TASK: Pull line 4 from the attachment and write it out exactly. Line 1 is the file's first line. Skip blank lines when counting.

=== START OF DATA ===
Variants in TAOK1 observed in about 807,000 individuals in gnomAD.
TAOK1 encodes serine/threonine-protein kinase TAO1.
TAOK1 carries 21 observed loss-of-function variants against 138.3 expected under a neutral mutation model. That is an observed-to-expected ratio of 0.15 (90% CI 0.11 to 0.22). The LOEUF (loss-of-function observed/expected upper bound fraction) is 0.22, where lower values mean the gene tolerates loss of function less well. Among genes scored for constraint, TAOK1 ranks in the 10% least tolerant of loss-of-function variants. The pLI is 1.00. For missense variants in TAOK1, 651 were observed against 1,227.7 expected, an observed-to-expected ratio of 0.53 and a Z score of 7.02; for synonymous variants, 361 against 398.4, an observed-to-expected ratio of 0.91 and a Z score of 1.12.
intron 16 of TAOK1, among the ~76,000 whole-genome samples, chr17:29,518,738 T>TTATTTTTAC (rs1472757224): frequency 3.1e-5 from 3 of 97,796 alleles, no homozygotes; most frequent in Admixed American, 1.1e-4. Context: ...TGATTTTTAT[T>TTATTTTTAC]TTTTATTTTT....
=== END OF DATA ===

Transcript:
intron 16 of TAOK1, among the ~76,000 whole-genome samples, chr17:29,518,738 T>TTATTTTTAC (rs1472757224): frequency 3.1e-5 from 3 of 97,796 alleles, no homozygotes; most frequent in Admixed American, 1.1e-4. Context: ...TGATTTTTAT[T>TTATTTTTAC]TTTTATTTTT....